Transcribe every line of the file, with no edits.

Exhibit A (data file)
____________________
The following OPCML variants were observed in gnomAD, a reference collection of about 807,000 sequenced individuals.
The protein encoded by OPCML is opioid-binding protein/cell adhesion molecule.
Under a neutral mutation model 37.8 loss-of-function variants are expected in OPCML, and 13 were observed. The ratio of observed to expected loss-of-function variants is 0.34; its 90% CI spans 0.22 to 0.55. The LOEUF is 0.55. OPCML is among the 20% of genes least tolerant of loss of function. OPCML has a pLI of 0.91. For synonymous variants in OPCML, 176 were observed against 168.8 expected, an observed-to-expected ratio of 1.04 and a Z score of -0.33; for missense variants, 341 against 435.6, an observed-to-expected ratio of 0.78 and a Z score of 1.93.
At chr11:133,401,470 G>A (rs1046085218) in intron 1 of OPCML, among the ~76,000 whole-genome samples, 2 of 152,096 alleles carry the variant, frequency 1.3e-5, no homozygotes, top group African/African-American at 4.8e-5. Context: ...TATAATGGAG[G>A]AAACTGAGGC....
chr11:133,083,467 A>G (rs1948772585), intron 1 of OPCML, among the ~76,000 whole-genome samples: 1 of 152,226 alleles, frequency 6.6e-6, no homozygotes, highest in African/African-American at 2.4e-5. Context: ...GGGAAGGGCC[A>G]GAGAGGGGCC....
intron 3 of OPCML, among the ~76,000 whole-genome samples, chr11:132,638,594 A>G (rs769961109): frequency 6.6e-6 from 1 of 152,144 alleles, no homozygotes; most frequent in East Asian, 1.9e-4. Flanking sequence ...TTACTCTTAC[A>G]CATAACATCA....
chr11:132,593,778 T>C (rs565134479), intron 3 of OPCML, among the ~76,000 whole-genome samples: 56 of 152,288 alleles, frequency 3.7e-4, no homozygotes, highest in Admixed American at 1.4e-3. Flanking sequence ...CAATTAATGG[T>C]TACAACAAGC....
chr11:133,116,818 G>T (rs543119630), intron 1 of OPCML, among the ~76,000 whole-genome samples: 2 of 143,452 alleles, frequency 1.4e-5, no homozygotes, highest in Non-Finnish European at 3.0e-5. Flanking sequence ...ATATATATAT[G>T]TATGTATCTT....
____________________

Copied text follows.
The following OPCML variants were observed in gnomAD, a reference collection of about 807,000 sequenced individuals.
The protein encoded by OPCML is opioid-binding protein/cell adhesion molecule.
Under a neutral mutation model 37.8 loss-of-function variants are expected in OPCML, and 13 were observed. The ratio of observed to expected loss-of-function variants is 0.34; its 90% CI spans 0.22 to 0.55. The LOEUF is 0.55. OPCML is among the 20% of genes least tolerant of loss of function. OPCML has a pLI of 0.91. For synonymous variants in OPCML, 176 were observed against 168.8 expected, an observed-to-expected ratio of 1.04 and a Z score of -0.33; for missense variants, 341 against 435.6, an observed-to-expected ratio of 0.78 and a Z score of 1.93.
At chr11:133,401,470 G>A (rs1046085218) in intron 1 of OPCML, among the ~76,000 whole-genome samples, 2 of 152,096 alleles carry the variant, frequency 1.3e-5, no homozygotes, top group African/African-American at 4.8e-5. Context: ...TATAATGGAG[G>A]AAACTGAGGC....
chr11:133,083,467 A>G (rs1948772585), intron 1 of OPCML, among the ~76,000 whole-genome samples: 1 of 152,226 alleles, frequency 6.6e-6, no homozygotes, highest in African/African-American at 2.4e-5. Context: ...GGGAAGGGCC[A>G]GAGAGGGGCC....
intron 3 of OPCML, among the ~76,000 whole-genome samples, chr11:132,638,594 A>G (rs769961109): frequency 6.6e-6 from 1 of 152,144 alleles, no homozygotes; most frequent in East Asian, 1.9e-4. Flanking sequence ...TTACTCTTAC[A>G]CATAACATCA....
chr11:132,593,778 T>C (rs565134479), intron 3 of OPCML, among the ~76,000 whole-genome samples: 56 of 152,288 alleles, frequency 3.7e-4, no homozygotes, highest in Admixed American at 1.4e-3. Flanking sequence ...CAATTAATGG[T>C]TACAACAAGC....
chr11:133,116,818 G>T (rs543119630), intron 1 of OPCML, among the ~76,000 whole-genome samples: 2 of 143,452 alleles, frequency 1.4e-5, no homozygotes, highest in Non-Finnish European at 3.0e-5. Flanking sequence ...ATATATATAT[G>T]TATGTATCTT....